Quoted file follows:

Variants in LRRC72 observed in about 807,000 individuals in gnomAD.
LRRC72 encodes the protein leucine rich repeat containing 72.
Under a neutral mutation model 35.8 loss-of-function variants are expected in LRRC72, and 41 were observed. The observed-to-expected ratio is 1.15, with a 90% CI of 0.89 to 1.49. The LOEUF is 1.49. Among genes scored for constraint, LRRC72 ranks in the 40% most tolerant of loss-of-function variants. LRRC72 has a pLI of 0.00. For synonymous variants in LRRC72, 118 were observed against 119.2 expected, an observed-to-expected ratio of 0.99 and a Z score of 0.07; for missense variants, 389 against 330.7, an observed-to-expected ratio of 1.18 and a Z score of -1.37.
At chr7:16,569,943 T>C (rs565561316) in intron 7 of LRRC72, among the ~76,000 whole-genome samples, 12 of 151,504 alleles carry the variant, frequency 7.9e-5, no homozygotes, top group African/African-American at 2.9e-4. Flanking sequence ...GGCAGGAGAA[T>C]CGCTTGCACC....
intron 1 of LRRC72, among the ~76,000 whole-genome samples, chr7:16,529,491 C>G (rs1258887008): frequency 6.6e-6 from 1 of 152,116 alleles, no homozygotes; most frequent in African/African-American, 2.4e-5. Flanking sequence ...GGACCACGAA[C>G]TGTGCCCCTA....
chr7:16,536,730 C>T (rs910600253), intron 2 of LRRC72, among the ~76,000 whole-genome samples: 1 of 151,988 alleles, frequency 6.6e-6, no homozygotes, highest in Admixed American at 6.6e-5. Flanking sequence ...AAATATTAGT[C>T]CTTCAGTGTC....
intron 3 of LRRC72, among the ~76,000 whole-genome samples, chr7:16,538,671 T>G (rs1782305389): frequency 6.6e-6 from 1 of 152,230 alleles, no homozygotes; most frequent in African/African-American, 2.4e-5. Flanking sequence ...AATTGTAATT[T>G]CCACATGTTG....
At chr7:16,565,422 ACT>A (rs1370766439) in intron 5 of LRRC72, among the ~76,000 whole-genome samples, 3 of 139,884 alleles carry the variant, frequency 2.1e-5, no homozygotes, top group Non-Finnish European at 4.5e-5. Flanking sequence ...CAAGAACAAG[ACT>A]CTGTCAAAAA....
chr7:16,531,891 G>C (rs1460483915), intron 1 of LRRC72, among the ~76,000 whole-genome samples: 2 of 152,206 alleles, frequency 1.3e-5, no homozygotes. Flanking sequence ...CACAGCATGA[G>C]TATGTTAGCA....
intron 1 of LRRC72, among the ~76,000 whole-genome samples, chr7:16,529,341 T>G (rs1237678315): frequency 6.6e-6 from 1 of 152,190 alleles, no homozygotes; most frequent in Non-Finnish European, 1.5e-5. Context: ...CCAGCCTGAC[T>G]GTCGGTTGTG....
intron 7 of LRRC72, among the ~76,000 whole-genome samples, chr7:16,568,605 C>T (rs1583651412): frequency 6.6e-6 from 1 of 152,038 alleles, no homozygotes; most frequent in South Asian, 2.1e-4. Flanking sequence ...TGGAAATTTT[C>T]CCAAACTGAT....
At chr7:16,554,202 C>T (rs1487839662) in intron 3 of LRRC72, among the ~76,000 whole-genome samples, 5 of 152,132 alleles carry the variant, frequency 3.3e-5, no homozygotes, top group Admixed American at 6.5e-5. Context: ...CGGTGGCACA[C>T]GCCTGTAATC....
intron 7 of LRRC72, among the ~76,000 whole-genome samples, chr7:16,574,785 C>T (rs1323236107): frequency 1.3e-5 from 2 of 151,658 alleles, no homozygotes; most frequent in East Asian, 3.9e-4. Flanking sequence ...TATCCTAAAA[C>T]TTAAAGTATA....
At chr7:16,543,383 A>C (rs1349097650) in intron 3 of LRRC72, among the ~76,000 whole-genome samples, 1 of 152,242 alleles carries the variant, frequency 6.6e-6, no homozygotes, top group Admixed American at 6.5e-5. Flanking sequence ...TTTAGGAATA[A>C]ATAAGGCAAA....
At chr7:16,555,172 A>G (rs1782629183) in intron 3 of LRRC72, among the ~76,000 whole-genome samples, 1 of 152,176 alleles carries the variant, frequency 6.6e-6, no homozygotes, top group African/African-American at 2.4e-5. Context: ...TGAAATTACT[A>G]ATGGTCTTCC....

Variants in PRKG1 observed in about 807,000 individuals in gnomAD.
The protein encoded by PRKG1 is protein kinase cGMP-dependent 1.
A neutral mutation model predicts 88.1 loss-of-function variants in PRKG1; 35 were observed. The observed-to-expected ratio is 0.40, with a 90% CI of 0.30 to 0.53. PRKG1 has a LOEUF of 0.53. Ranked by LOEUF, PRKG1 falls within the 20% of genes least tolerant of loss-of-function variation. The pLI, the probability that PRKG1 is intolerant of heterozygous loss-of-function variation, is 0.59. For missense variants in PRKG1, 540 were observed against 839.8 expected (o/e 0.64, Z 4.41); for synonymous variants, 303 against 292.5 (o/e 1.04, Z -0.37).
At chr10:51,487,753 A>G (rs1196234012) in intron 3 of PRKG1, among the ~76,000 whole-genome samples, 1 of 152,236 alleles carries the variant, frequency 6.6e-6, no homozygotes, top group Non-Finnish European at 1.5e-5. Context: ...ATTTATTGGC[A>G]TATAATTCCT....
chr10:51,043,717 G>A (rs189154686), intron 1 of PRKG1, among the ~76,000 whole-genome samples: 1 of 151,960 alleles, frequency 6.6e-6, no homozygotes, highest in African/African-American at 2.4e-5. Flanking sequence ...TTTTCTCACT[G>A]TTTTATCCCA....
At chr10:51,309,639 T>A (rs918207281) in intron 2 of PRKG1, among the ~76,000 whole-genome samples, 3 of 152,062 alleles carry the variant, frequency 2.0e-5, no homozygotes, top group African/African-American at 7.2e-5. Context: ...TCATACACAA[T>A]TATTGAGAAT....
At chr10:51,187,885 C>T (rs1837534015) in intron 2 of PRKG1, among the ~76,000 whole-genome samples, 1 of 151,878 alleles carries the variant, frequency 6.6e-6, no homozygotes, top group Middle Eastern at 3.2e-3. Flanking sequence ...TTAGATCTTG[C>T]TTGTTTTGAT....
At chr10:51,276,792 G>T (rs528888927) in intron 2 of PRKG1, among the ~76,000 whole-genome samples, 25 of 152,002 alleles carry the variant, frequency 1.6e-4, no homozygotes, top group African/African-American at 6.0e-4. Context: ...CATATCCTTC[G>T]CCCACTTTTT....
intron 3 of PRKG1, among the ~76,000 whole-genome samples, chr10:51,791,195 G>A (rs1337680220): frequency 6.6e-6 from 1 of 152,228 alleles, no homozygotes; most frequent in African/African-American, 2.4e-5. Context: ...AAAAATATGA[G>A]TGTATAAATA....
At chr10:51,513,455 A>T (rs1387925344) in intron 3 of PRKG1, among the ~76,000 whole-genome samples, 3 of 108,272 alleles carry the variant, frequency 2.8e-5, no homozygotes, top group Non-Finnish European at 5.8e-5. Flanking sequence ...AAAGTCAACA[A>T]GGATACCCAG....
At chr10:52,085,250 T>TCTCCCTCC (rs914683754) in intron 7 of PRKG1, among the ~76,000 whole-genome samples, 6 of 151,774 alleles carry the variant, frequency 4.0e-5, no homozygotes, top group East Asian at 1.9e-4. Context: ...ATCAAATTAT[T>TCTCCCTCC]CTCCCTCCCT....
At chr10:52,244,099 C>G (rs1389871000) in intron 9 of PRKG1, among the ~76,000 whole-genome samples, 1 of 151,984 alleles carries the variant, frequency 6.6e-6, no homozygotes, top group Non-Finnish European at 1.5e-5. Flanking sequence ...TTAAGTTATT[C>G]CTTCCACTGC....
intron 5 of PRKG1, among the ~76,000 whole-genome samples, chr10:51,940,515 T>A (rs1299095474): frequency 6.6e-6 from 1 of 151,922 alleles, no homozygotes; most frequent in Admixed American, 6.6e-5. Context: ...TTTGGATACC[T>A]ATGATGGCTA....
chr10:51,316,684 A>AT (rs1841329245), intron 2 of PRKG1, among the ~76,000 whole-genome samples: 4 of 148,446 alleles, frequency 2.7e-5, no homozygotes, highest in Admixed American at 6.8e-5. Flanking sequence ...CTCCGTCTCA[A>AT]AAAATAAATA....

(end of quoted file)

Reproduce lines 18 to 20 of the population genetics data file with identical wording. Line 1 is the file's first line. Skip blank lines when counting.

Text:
A neutral mutation model predicts 88.1 loss-of-function variants in PRKG1; 35 were observed. The observed-to-expected ratio is 0.40, with a 90% CI of 0.30 to 0.53. PRKG1 has a LOEUF of 0.53. Ranked by LOEUF, PRKG1 falls within the 20% of genes least tolerant of loss-of-function variation. The pLI, the probability that PRKG1 is intolerant of heterozygous loss-of-function variation, is 0.59. For missense variants in PRKG1, 540 were observed against 839.8 expected (o/e 0.64, Z 4.41); for synonymous variants, 303 against 292.5 (o/e 1.04, Z -0.37).
At chr10:51,487,753 A>G (rs1196234012) in intron 3 of PRKG1, among the ~76,000 whole-genome samples, 1 of 152,236 alleles carries the variant, frequency 6.6e-6, no homozygotes, top group Non-Finnish European at 1.5e-5. Context: ...ATTTATTGGC[A>G]TATAATTCCT....
chr10:51,043,717 G>A (rs189154686), intron 1 of PRKG1, among the ~76,000 whole-genome samples: 1 of 151,960 alleles, frequency 6.6e-6, no homozygotes, highest in African/African-American at 2.4e-5. Flanking sequence ...TTTTCTCACT[G>A]TTTTATCCCA....